At the General Meeting held at Bee Hotel on August 31st 1920 it was decided that the change in the name of the club was desirable from many points of view, and while regretting the passing of the old name, it was agreed that from the date of the meeting the club should be called The "Sefton" Rugby Union Football Club.

Mr R.A.O'Donnell was appointed the very first captain of the Sefton Club.

A Ground Fund.

Eight players reported fit in 1919, and a fresh start was made. The old name no longer seemed suitable, and the present name - Sefton - was adopted. First team results have not been very thrilling, there having been a sad lack of weight and height, but there are now signs that these defects will shortly be remedied, and with a playing membership of about 120, and a general level of ability through the five teams which the club now puts regularly in the field, the outlook is bright. N. W. Hutchings, the captain of the side, has been missing most of the season for business reasons, and his absence has been badly felt. Of the present side, Arrowsmith, in the centre, and Sorenson forward, are the most promising. Foggo, the stand-off half, is a splendid kick with very good hands, who only needs resolution to make him a very fine plover.

The club is in a sound financial position, and with the knowledge that the need for a permanent ground is the greatest of the present handicaps, a start has been made with a ground fund, to which, thanks to the energies of the treasurer, Mr. J. Milbourn, and the president, Mr W. J. Smith, the old Bristol and Gloucestershire forward, substantial contributions have already been made. A club dance held at the Embassy Rooms on Tuesday last, at which over 300 members and friends were present, should result in a further addition to the fund.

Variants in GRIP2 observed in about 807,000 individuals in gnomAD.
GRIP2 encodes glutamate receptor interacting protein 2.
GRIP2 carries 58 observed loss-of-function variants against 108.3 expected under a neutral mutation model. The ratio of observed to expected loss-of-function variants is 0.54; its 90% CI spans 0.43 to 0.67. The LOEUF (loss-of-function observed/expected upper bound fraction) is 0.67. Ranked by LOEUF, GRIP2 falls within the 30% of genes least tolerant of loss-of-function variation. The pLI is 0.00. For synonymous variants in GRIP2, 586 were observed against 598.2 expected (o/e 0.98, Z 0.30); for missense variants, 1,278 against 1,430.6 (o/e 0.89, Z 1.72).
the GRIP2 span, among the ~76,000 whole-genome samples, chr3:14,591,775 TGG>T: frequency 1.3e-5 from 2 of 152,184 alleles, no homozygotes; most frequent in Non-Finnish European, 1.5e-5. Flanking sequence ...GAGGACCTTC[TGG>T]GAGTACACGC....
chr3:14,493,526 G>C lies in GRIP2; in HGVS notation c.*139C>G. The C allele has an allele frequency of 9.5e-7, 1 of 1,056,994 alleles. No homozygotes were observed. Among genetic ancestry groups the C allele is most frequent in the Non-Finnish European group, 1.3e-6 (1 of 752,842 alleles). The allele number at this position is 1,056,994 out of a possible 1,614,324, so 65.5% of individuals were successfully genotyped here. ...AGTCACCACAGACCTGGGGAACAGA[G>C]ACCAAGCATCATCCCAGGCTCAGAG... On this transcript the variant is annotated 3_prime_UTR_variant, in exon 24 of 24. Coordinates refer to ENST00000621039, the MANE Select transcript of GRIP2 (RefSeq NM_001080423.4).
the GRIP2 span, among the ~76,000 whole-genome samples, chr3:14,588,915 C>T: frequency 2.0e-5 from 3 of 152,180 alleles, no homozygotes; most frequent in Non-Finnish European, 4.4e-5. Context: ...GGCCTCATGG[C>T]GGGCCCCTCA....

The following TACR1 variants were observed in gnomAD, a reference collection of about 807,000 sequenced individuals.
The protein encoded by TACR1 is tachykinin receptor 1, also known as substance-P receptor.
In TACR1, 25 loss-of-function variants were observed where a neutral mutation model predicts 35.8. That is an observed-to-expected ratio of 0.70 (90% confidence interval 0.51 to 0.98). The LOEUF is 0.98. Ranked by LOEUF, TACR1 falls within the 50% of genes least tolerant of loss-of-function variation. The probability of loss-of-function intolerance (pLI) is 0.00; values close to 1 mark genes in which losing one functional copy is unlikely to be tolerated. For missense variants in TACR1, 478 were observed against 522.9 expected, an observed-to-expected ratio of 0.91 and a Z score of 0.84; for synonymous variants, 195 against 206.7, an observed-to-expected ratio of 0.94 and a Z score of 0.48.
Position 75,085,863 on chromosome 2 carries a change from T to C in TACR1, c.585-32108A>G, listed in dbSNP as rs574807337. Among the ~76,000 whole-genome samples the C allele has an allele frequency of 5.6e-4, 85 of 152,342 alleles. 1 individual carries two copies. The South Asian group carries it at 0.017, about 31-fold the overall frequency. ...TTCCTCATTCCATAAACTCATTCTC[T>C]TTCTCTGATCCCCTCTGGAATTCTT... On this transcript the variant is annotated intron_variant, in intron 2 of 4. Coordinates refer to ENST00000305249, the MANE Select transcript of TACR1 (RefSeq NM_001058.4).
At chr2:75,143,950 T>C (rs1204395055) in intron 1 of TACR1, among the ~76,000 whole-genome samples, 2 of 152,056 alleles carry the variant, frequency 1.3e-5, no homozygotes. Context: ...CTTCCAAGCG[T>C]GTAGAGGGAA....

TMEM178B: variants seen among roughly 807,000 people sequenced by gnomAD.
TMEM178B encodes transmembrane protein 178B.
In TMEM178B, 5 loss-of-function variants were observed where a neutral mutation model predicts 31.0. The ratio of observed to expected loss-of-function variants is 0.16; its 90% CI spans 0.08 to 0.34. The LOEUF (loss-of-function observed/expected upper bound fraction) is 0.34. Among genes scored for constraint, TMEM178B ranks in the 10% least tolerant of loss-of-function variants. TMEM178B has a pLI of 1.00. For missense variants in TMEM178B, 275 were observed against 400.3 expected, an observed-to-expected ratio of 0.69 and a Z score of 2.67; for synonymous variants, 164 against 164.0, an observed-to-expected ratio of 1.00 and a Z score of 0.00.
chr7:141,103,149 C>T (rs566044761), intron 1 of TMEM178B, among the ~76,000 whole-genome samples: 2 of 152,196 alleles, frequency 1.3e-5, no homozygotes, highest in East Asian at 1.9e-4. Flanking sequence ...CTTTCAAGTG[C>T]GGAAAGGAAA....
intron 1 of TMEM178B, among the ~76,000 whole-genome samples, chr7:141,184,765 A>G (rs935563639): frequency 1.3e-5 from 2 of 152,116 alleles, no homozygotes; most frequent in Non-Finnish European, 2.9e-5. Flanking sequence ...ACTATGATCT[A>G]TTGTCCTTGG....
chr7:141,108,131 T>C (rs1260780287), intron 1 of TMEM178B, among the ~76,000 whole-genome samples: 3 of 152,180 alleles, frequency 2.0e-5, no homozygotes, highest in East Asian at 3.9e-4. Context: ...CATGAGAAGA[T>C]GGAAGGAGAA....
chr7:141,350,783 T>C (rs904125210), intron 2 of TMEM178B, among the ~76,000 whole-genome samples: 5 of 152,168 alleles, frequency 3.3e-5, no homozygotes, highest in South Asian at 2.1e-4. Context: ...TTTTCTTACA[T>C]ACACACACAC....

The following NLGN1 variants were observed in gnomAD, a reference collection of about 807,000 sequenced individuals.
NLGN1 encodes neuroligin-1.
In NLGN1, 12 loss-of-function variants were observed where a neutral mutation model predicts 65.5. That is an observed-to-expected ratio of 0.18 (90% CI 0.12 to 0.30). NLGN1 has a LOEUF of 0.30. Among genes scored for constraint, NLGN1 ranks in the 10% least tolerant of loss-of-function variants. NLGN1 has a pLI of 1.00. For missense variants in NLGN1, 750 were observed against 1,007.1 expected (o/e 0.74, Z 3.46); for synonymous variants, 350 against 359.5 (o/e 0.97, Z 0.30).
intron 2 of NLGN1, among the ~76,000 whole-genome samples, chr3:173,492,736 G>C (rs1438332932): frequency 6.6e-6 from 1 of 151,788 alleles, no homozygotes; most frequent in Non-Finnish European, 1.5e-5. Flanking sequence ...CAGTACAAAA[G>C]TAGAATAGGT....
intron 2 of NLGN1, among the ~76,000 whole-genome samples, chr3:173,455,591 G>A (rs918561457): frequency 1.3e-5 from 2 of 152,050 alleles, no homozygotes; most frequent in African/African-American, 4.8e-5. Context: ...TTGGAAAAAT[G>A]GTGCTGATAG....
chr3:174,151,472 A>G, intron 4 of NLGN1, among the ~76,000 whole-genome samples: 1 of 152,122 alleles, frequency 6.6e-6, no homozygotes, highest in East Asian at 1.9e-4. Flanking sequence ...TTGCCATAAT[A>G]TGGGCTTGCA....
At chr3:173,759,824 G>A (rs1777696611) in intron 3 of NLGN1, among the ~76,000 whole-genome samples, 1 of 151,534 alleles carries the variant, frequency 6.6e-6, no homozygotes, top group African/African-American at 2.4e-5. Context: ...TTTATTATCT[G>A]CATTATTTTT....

Old players of the club still take a very active part in club legislation. R. A. O'Donnell, the Lancashire forward, is very keenly interested in the St. Edward's Club; F. P. Arthur, a founder and secretary of Hoylake, still plays, and F.Outhwaite, who was reserve for the Lancashire scrum in 1921, was chosen for the Western Province SA.trials last year, but stood down to give younger men a chance. With an enthusiastic body of young players, and the steadying influence of an imposing group of vice-presidents, not the least honoured of whom is Mr. R.K. Mackenzie, the founder of the Watsonians, there are signs of an advance in the near future.

The 1939 Register finds Roger and his wife in Buckley, Flintshire as a school headmaster. However the Buckley Society have looked at their records and have not found any trace of him at their local schools. He moved down to the London area after ww2 to be with his family.

[Relaxing with the family in St James Park, London 1950]

Roger passed away in Rickmansworth, Watford in 1978